Why am i doing life this way? Why is unblocking within so important? Why is it a good idea to keep choices alive? All lead to more peace within for me and my children. An excerpt from Elizabeth Gilbert's book "Eat, Pray, Love" says it well:
"I also keep remembering a simple idea my friend Darcey told me once---that all the sorrow and trouble of this world is caused by unhappy people. Not only in the big global Hitler-n-Stalin picture, but also on the smallest personal level. Even in my own life, I can see exactly where my episodes of unhappiness have brought suffering or distress or (at the very least) inconvenience to those around me. The search for contentment is, therefore, not merely a self-preserving and self-benefiting act, but also a generous gift to the world. Clearing out all your misery gets you out of the way. You cease being an obstacle, not only to yourself but to anyone else. Only then are you free to serve and enjoy other people."
I loved reading about Elizabeth Gilbert's journey. Truly this way of living (our unschooling choice) is guaranteed to make you want to tear your hair out, then you grow some hair back and start to feel better, then you tear some more out but now the hair seems to be growing back fast and you are tearing out less. Its fun :-) And its only the adult's hair going... the kids hair is growing luxuriantly almost non-stop.
Speaking of hair... Raghu finally succumbed to the "you look like a girl" message he was getting from society at large here in India. I was party to one aspect of the hair episode... both Ravi and I found it hard to talk to him with his hair sitting right on top of his eyes. With Raghu's involvement... we tried gel, oil-water, hair clips, hairbands etc... but his super-silky hair refused to stay off his eyes as he grew it. So we were stuck waiting for the front chunk to grow long enough to tuck behind his ears. And i think this too bothered him. Sadly as he was debating whether to trim the front locks or get used to a sports hairband... he suddenly decided to go super short. He wanted me to lop off all of his shoulder length hair. Raghu did deal with the "you look like a girl" comments well... he would say "i'm not a girl" and then move off. But ultimately while getting his hair lopped he kept saying "make it look like a boy, amma" I'm sad... i loved his long hair. Anyway... someday Ravi plans to grow out his hair.. so perhaps Raghu will get inspired again. Oh and Zoya watched his hair being cut and decided she wanted a "boy-cut". So all her lovely curls gone for now. Sweet for her to be emulating her big brother... but 'sigh'.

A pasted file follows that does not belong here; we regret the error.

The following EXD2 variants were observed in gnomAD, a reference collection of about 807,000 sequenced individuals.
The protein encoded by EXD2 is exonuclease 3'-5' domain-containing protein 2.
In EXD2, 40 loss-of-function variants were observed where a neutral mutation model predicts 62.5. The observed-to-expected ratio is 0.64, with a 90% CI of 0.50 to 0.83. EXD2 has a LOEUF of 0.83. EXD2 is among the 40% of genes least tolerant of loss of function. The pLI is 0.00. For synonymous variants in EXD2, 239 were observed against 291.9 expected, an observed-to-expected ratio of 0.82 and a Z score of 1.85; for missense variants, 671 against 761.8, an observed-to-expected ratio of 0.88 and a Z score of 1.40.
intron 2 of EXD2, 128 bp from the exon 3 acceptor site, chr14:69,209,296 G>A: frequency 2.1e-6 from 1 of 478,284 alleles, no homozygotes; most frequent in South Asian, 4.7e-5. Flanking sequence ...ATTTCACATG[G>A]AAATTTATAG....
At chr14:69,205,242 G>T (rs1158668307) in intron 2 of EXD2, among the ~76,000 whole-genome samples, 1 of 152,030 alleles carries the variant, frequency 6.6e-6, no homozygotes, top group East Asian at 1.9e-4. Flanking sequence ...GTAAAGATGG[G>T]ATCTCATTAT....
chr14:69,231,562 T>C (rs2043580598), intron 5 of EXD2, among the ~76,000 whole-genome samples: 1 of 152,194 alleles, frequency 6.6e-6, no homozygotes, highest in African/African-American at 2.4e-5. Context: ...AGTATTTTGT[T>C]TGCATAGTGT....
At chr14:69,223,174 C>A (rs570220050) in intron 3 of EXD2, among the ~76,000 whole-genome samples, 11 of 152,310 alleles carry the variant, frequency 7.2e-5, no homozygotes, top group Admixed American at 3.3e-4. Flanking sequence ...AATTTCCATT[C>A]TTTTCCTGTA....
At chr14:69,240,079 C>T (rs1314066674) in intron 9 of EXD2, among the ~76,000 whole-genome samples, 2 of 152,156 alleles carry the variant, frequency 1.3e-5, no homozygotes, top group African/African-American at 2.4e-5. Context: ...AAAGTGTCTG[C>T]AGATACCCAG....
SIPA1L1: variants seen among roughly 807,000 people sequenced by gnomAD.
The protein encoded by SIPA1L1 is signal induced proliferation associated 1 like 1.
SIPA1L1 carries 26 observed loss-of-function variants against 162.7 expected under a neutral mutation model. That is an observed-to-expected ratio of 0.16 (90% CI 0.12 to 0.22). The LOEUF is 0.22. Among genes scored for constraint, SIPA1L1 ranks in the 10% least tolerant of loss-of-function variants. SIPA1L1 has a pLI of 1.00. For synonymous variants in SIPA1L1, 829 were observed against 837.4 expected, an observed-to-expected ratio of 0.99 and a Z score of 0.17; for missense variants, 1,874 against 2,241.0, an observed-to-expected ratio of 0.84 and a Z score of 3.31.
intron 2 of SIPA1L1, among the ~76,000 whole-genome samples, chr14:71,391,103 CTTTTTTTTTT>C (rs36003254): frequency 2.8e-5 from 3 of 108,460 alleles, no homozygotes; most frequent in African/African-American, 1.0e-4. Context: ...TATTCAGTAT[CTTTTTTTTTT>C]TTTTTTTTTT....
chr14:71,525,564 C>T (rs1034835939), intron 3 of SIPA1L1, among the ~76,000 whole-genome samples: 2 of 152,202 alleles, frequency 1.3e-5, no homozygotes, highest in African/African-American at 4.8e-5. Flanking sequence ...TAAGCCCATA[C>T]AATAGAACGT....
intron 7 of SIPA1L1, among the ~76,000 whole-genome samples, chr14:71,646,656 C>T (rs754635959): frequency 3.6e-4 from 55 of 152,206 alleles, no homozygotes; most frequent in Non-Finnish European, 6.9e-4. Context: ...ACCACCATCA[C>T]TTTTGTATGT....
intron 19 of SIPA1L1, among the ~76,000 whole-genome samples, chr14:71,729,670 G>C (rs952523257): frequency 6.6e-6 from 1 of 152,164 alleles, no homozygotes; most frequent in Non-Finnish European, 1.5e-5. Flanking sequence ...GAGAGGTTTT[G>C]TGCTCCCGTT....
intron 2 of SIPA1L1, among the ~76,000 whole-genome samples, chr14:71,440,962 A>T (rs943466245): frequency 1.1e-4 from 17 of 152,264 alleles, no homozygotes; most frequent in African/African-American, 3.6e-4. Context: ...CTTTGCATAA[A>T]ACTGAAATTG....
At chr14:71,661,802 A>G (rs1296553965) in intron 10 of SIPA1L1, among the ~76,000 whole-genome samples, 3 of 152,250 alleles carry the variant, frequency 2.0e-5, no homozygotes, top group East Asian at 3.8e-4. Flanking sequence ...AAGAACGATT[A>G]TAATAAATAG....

I have noticed that only when i go to stores do Raghu and sometimes Zoya want things... otherwise they don't. We miss out on simple free pleasures here (like public spaces that are pleasing to the eye, green-blue natural environs, playgrounds that are not rusting adn creaking and have bird-poop on them)... so sometimes malls and stores are a grand place to hang out in. Sad :-( anyway... so back to acquisitions and money.... when we are not in stores and are enjoying activities, home-time etc... they don't ask for toys. Mostly the desires for toys and such come about when they see them in the stores. Its rare for them to be sitting at home and saying "i need this..." So having understood and observed this, i'm able to expect their needs better. I'm not surprised or annoyed or expecting chaos when we are in a mall.. cause i expect that they will express a need for something... and i budget some money towards it. But mostly i try and keep a list at home of their interests/topics they have raised etc and go shopping alone... and find things that relate to their interests. And if they have indeed mentioned some things they want... then i try and find them.
Mostly... the point i was trying to make in the unwieldy para above is that unless they really want to come shopping with me... i leave them happy at home about a couple of times a month (with dh) and go do the shopping alone. Helps keep the sudden impulses for expensive toys and such to a minimum.
But i must insert here that there have been tough and interesting and sometimes very cool choices made when the kids shop with me. For e.g. they make me more aware of their true needs.... Nutella (expensive here but something Z and R really love) is more important than hairclips (cheap here but a need that they can do without... only i care for them) and then those unnecessary kitchen napkins (the ones that i'd offer a guest instead of my cut up old-cloth segments at home). So the cost of Nutella is = to the cost of some clips + kitchen napkins + perhaps a pair of jeans for the kids that they don't care for... only I do. So i'm kept on my toes and re-assessing shopping choices. Its good :-)
Living life in this attachment-parenting, respectful, unschooling way means that life is forever interesting and creates peace. Every time i get a block i know that there is something to be learned, something to be looked at, observed etc. And my children will see that as a good thing. The experiences, every one of them, are worthy of conversation and acceptance and observation.